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GIA Confronts Challenge of HPHT

May 6, 2002 10:43 AM   By Thomas Moses and James Shigley
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Commercial treatment to change the color of diamonds began in the late 1940s. This involved exposing the diamonds to a radiation source and, in some instances, subsequent heat treatment to further alter their colors. This was the first significant commercial enhancement to diamonds, and it caused great concern in the industry. It also represented one of the Gemological Institute of America’s (GIA) first important research efforts, which continues even today with the documentation of colored diamonds for issuance of “origin of color” identification reports by the GIA’s Gem Trade Laboratory.

In some ways, the trade encountered a similar situation in early 1999 when General Electric (GE) and Lazare Kaplan International (LKI) introduced High Pressure-High Temperature (HPHT) diamonds to the marketplace, initially sold under the name “GE POL,” and more recently as “Bellataire.” Again there was confusion and concern, with little information to go on about this new process and the means of identifying these diamonds.

Development of practical identification criteria requires both an understanding of the treatment technology and the gathering of data on known-untreated and known-treated diamonds for comparison. Over the past three years, GIA and other researchers have acquired a much better understanding of the HPHT process. Not only have we at GIA established relationships with GE and others with HPHT capabilities, which has resulted in more information about the process, but we at GIA also have benefited from the opportunity to carefully document a large number of HPHT-treated and natural-color diamonds to test new ideas on identification.

HPHT processing

HPHT treatment involves subjecting the diamond, polished or rough, to very high temperatures and pressures in specialized equipment. Depending on their size, only a few diamonds can be treated at one time in such equipment. As a result of this process, which in some instances takes only a very short time, the color of the diamond can be dramatically changed.

Diamonds are classified scientifically into two “types” with subcategories for each. “Type I” diamonds — the most abundant in nature — contain nitrogen. They usually vary from colorless to yellow or brownish yellow. “Type II” diamonds — which are rare in nature — lack all but tiny amounts of nitrogen. They are sometimes colorless, but more often brown; if they contain boron, they can be blue to gray. These two categories of diamonds display differences in some physical properties and in their absorption or luminescence spectra. The brown coloration in diamonds of both types results when they have been subjected to plastic deformation (i.e., “strain”) deep in the earth during long periods of geologic time.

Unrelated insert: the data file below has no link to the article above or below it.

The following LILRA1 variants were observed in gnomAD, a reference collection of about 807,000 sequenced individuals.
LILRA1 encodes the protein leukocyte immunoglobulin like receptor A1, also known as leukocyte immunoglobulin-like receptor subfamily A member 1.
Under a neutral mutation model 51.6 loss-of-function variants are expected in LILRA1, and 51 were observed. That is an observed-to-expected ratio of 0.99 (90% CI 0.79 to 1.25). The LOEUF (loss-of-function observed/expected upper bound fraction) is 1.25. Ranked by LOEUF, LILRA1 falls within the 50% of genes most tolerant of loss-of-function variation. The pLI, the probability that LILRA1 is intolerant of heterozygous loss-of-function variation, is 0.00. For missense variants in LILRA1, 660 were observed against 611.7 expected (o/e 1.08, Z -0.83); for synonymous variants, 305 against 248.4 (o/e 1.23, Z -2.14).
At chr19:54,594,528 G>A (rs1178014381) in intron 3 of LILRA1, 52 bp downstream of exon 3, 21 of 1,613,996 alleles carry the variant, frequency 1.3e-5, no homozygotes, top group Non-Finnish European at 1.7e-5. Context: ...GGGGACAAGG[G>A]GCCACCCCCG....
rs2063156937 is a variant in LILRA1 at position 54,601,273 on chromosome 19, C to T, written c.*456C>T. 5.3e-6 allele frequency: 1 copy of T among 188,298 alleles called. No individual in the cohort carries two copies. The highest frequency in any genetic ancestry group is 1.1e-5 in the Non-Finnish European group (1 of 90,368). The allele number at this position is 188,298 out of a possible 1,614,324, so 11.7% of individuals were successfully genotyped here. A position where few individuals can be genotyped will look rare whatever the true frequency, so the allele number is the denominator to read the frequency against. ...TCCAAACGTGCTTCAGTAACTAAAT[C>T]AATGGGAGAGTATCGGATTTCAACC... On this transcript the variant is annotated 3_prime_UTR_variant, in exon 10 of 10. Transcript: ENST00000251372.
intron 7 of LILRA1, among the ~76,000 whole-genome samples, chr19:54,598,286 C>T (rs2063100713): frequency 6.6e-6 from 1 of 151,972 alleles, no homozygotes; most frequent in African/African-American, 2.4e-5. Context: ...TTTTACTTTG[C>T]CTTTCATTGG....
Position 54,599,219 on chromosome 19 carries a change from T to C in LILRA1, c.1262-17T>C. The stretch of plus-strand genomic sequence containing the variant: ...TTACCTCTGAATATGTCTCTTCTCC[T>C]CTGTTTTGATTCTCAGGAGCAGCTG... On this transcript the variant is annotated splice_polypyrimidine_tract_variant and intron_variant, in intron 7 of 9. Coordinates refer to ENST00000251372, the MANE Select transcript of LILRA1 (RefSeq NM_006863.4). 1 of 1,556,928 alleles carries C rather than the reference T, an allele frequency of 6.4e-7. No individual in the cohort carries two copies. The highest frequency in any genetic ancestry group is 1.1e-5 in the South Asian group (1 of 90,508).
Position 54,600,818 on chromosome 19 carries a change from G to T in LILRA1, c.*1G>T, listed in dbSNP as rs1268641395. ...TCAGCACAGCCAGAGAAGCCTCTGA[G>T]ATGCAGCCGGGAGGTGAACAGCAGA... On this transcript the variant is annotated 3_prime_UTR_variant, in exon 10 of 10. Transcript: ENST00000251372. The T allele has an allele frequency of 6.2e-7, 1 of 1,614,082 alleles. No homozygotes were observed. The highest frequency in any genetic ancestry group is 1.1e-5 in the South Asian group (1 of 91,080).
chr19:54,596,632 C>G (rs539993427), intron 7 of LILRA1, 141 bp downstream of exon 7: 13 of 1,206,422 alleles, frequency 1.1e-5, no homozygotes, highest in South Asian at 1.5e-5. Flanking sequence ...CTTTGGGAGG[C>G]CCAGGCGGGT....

As a result of HPHT processing, type II brown diamonds can be transformed to colorless or near-colorless. The same procedure can transform a limited number of brown-pink or brown-to-gray-blue type II diamonds to pink and blue, respectively. In both cases, heating at very high pressures results in a “healing” of the plastic deformation mentioned above, thereby removing the cause of the brown coloration so that the type II treated diamond is colorless, pink or blue.

The transformation of type II brown diamonds to colorless was the first product that GE and LKI introduced, and to date these diamonds represent the overwhelming majority of what they offer for sale. Colorless to near-colorless HPHT-annealed diamonds have proven to be a difficult identification challenge. GIA researchers have now carefully documented over 8,000 such diamonds and have systematically compared their properties to those of type II natural-color diamonds, thereby allowing us to develop robust criteria to separate them.

Since 1999, several organizations in addition to GE have become involved with HPHT treatment of diamonds, and their “recipes” for transforming the colors of diamonds at high temperatures and pressures may be slightly different. Consequently, we are constantly updating our research to ensure that practical identification criteria are established.

Within the past few years, the HPHT process has also been used for the treatment of more common type I brown diamonds to transform them to yellow-green, yellow and orange-yellow. This expanded range of diamonds being treated by HPHT continues to make this a difficult identification problem.

The specialized equipment needed for HPHT treatment is not common, existing at only a few high-technology companies and research institutes around the world. Despite having the equipment, not all of these companies and institutes have ready access to the appropriate precursor diamonds for HPHT processing.